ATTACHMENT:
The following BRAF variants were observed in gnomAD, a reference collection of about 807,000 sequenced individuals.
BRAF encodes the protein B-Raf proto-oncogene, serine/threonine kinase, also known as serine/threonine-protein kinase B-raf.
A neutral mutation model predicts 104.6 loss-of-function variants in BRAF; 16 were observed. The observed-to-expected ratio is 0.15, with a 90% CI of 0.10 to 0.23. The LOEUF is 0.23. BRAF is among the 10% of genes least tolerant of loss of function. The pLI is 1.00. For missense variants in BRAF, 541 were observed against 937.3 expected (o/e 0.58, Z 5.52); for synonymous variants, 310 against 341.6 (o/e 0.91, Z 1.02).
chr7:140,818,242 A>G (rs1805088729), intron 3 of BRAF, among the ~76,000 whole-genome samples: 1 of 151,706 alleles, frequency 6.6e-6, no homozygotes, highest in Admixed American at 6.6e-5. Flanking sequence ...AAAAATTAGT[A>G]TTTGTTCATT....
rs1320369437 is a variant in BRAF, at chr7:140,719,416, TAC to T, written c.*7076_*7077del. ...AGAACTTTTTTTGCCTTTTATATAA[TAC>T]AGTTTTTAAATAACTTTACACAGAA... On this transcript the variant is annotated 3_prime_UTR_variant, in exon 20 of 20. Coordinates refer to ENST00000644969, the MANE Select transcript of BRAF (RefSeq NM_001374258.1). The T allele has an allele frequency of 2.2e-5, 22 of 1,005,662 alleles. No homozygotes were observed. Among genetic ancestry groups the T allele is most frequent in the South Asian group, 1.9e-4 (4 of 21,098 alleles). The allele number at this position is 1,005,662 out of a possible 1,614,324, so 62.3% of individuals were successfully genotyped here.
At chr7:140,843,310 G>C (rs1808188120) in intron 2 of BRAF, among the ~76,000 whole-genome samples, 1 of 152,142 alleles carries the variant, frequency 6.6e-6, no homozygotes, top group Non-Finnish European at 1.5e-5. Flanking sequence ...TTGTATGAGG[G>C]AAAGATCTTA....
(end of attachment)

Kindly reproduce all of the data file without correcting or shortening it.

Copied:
The following BRAF variants were observed in gnomAD, a reference collection of about 807,000 sequenced individuals.
BRAF encodes the protein B-Raf proto-oncogene, serine/threonine kinase, also known as serine/threonine-protein kinase B-raf.
A neutral mutation model predicts 104.6 loss-of-function variants in BRAF; 16 were observed. The observed-to-expected ratio is 0.15, with a 90% CI of 0.10 to 0.23. The LOEUF is 0.23. BRAF is among the 10% of genes least tolerant of loss of function. The pLI is 1.00. For missense variants in BRAF, 541 were observed against 937.3 expected (o/e 0.58, Z 5.52); for synonymous variants, 310 against 341.6 (o/e 0.91, Z 1.02).
chr7:140,818,242 A>G (rs1805088729), intron 3 of BRAF, among the ~76,000 whole-genome samples: 1 of 151,706 alleles, frequency 6.6e-6, no homozygotes, highest in Admixed American at 6.6e-5. Flanking sequence ...AAAAATTAGT[A>G]TTTGTTCATT....
rs1320369437 is a variant in BRAF, at chr7:140,719,416, TAC to T, written c.*7076_*7077del. ...AGAACTTTTTTTGCCTTTTATATAA[TAC>T]AGTTTTTAAATAACTTTACACAGAA... On this transcript the variant is annotated 3_prime_UTR_variant, in exon 20 of 20. Coordinates refer to ENST00000644969, the MANE Select transcript of BRAF (RefSeq NM_001374258.1). The T allele has an allele frequency of 2.2e-5, 22 of 1,005,662 alleles. No homozygotes were observed. Among genetic ancestry groups the T allele is most frequent in the South Asian group, 1.9e-4 (4 of 21,098 alleles). The allele number at this position is 1,005,662 out of a possible 1,614,324, so 62.3% of individuals were successfully genotyped here.
At chr7:140,843,310 G>C (rs1808188120) in intron 2 of BRAF, among the ~76,000 whole-genome samples, 1 of 152,142 alleles carries the variant, frequency 6.6e-6, no homozygotes, top group Non-Finnish European at 1.5e-5. Flanking sequence ...TTGTATGAGG[G>C]AAAGATCTTA....